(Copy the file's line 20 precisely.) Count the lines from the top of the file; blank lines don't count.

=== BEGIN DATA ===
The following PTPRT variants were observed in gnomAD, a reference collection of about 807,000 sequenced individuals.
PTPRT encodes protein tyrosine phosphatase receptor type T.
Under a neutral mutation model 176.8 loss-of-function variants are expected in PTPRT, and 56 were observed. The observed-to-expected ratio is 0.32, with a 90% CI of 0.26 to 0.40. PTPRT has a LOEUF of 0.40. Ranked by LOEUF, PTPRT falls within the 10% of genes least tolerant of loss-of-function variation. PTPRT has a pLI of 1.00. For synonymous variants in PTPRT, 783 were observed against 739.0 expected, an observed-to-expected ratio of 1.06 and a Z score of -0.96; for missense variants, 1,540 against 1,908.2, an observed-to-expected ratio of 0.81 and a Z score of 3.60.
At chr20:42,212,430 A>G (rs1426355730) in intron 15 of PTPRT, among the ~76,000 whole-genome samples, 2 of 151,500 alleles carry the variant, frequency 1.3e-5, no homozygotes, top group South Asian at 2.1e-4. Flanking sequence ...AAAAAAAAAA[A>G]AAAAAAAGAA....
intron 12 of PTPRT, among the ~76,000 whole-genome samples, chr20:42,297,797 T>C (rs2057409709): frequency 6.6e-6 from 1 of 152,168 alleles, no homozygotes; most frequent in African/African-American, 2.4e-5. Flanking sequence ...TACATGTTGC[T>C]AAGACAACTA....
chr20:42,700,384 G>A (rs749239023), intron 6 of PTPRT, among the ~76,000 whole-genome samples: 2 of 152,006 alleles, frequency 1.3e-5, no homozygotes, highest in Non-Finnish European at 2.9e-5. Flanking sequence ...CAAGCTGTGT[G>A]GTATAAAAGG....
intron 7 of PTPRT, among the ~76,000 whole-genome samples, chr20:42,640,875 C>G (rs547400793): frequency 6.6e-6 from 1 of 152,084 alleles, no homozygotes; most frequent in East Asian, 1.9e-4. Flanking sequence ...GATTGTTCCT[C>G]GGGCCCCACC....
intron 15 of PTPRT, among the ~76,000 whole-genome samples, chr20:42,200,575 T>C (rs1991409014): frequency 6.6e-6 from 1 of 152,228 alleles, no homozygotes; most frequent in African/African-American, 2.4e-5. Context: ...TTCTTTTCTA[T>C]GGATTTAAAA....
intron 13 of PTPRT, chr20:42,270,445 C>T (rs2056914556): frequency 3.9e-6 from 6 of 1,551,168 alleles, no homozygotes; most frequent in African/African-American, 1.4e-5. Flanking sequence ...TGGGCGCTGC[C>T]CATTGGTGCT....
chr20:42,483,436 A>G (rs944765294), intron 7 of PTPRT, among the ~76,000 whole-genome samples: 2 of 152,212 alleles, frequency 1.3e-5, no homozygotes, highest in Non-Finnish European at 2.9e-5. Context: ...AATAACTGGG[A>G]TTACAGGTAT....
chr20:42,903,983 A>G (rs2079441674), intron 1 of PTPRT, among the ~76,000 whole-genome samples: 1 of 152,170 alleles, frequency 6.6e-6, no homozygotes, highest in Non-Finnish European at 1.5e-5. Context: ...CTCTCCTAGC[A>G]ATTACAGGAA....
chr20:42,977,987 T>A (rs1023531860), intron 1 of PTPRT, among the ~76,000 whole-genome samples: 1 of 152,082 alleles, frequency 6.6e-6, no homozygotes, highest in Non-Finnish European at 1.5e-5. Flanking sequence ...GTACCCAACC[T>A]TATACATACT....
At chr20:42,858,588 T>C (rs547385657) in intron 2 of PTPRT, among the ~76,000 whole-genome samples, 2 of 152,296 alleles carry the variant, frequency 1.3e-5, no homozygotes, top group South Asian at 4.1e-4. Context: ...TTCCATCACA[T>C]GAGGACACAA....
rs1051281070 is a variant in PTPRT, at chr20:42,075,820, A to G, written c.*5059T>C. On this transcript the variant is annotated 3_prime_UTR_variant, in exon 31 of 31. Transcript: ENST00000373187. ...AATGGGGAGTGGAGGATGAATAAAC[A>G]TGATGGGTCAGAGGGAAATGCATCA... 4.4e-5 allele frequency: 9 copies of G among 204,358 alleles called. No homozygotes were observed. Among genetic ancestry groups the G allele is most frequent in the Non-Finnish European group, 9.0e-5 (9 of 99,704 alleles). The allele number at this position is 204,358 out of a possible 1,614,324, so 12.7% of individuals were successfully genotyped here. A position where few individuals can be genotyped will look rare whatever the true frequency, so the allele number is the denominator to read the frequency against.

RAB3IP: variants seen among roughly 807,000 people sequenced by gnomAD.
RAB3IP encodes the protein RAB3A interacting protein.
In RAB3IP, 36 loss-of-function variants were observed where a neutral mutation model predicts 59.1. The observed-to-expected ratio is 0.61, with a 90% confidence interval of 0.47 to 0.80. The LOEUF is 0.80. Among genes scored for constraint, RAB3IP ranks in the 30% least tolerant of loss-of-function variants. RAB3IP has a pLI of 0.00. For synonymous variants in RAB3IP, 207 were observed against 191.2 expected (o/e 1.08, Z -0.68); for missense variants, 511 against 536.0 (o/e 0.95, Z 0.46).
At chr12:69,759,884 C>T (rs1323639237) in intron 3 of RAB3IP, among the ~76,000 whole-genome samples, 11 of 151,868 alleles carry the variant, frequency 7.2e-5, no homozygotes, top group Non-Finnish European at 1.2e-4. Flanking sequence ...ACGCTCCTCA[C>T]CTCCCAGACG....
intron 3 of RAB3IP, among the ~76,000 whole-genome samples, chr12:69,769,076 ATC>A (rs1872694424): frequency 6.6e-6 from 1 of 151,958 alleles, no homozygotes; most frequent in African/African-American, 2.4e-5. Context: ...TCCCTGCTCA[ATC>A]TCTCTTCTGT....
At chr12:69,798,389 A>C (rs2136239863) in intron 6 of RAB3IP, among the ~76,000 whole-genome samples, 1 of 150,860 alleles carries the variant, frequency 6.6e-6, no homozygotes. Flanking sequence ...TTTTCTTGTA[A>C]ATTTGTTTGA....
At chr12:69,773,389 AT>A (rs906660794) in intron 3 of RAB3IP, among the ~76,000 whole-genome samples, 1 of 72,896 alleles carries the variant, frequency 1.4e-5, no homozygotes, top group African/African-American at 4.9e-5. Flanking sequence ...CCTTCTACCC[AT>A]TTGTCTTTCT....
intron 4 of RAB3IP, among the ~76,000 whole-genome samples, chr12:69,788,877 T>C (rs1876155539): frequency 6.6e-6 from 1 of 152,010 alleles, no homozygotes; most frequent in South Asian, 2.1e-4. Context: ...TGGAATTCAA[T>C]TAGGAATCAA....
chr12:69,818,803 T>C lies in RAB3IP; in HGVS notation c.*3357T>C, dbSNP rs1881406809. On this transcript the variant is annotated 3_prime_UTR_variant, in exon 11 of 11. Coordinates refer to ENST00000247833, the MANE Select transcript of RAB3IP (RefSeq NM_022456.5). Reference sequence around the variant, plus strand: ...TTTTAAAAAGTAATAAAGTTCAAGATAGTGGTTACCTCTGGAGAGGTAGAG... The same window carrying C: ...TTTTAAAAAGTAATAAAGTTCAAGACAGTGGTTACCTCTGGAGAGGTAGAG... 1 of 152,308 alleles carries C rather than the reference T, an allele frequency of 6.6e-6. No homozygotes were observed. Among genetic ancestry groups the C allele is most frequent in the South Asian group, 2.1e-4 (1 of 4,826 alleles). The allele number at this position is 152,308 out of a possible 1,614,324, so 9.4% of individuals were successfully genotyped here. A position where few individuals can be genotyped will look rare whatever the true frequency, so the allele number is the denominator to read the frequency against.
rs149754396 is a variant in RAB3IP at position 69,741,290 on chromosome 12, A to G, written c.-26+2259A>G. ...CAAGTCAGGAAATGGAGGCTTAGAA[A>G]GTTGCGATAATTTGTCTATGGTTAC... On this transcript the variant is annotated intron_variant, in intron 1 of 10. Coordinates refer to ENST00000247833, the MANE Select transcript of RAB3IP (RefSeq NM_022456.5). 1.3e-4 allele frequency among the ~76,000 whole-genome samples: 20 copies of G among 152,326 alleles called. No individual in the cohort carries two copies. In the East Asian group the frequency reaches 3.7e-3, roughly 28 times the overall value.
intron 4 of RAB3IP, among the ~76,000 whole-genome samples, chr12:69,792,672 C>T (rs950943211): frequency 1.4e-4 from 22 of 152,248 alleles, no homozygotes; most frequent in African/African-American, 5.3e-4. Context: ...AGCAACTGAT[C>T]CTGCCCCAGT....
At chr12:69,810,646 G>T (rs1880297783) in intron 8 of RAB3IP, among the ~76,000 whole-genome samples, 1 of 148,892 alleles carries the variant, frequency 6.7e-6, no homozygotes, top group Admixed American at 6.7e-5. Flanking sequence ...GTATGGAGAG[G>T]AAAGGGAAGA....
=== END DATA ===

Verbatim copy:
At chr12:69,798,389 A>C (rs2136239863) in intron 6 of RAB3IP, among the ~76,000 whole-genome samples, 1 of 150,860 alleles carries the variant, frequency 6.6e-6, no homozygotes. Flanking sequence ...TTTTCTTGTA[A>C]ATTTGTTTGA....